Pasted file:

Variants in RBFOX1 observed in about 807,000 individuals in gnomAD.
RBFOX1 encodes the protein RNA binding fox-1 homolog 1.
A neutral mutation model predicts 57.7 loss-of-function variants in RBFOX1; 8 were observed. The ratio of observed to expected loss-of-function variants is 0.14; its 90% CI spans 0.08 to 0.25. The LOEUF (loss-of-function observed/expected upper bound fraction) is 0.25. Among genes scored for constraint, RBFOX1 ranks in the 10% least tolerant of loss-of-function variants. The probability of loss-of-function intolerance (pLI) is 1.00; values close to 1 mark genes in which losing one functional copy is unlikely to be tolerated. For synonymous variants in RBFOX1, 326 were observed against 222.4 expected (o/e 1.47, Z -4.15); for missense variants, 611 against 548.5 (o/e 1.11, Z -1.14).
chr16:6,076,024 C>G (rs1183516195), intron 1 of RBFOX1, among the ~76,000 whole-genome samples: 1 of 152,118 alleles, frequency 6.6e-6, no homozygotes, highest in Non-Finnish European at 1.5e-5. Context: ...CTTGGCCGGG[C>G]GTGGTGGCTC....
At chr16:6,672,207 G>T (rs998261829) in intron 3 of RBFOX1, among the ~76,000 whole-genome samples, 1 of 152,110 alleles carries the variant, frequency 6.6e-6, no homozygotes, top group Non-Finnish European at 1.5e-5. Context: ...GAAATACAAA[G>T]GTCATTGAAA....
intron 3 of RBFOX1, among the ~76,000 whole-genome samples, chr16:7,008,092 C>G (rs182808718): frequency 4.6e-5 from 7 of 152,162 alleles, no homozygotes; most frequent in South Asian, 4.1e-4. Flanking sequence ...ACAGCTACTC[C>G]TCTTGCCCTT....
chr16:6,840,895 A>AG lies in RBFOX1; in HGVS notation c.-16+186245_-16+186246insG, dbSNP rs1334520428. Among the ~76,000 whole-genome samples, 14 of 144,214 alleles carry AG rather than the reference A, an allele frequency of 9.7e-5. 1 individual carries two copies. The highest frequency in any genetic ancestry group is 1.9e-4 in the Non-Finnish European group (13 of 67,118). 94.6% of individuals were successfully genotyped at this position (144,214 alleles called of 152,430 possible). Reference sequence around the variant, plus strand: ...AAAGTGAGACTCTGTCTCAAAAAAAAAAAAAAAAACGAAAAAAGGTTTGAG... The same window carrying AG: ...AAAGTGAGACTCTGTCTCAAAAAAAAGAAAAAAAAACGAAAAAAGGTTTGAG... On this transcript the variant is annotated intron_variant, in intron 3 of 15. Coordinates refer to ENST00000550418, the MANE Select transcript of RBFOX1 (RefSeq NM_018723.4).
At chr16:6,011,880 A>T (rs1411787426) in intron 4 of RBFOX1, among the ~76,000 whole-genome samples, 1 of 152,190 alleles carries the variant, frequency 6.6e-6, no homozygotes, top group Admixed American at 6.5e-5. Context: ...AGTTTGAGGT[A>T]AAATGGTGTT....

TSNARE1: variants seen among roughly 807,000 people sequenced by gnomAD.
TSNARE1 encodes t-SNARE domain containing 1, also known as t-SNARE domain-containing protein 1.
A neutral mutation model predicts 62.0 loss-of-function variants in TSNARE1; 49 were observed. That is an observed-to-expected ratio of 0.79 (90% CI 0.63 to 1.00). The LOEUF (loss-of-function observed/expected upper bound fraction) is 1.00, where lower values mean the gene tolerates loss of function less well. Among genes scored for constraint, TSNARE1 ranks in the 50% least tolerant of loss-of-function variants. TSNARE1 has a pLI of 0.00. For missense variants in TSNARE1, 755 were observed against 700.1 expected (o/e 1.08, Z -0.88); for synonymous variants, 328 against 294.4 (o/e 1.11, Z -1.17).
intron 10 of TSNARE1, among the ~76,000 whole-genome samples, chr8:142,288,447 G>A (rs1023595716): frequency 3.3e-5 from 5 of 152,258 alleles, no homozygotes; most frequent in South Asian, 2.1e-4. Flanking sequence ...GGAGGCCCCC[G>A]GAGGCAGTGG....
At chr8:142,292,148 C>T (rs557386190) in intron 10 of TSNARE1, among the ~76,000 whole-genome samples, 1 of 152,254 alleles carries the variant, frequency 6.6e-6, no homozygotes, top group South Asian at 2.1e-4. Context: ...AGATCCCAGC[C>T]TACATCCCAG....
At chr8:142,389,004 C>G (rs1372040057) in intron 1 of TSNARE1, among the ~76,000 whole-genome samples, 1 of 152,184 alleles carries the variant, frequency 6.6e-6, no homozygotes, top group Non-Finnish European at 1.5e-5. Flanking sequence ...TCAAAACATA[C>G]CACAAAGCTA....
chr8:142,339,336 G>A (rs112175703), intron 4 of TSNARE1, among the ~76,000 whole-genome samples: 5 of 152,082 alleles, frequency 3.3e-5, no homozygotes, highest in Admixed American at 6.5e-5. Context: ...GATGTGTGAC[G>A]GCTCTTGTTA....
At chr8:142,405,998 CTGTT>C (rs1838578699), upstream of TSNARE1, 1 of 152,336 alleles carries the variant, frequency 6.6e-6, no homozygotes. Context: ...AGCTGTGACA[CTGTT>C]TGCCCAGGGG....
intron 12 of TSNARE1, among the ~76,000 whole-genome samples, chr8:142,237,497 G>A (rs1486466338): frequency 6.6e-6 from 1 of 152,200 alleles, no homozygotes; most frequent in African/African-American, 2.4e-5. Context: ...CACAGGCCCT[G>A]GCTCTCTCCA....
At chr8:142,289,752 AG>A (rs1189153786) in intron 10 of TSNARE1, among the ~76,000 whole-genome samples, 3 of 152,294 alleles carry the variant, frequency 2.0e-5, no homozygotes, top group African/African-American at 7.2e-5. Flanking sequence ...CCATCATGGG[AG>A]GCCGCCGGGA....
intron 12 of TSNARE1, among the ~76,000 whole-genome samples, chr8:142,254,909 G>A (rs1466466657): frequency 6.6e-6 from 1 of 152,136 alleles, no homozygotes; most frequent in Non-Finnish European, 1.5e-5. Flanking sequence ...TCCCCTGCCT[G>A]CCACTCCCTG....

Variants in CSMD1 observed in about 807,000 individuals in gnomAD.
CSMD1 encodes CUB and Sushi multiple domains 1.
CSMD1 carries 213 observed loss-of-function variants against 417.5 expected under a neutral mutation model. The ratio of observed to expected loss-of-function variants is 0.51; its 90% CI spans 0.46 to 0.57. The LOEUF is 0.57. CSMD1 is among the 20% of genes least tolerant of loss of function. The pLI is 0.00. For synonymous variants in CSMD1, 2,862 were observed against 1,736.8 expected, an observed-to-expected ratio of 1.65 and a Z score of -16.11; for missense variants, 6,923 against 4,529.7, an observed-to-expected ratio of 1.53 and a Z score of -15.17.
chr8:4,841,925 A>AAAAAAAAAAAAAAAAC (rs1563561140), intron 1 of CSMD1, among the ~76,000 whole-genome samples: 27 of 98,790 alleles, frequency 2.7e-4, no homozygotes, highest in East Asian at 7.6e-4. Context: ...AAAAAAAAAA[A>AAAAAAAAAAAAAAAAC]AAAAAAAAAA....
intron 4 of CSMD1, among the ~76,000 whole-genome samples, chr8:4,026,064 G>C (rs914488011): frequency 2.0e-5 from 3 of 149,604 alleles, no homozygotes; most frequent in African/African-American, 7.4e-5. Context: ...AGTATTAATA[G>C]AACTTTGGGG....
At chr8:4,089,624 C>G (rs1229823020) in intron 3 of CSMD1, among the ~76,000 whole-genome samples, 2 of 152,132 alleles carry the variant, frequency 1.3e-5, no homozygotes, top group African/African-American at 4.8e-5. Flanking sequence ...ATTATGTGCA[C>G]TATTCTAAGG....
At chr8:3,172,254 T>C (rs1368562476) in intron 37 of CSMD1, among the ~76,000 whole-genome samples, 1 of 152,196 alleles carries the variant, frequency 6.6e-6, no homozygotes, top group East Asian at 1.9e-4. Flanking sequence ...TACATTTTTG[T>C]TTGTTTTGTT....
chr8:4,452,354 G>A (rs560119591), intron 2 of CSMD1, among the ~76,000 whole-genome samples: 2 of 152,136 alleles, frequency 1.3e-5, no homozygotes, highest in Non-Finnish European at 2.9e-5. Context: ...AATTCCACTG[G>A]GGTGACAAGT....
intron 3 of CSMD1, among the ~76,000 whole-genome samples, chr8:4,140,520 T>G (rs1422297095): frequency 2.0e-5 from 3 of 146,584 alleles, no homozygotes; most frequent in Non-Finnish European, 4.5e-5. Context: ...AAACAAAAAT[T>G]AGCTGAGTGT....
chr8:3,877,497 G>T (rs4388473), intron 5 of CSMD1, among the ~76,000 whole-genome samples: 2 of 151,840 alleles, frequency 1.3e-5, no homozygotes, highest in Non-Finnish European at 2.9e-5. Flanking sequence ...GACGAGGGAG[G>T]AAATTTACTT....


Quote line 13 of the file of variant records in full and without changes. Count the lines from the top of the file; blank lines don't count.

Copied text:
At chr8:142,292,148 C>T (rs557386190) in intron 10 of TSNARE1, among the ~76,000 whole-genome samples, 1 of 152,254 alleles carries the variant, frequency 6.6e-6, no homozygotes, top group South Asian at 2.1e-4. Context: ...AGATCCCAGC[C>T]TACATCCCAG....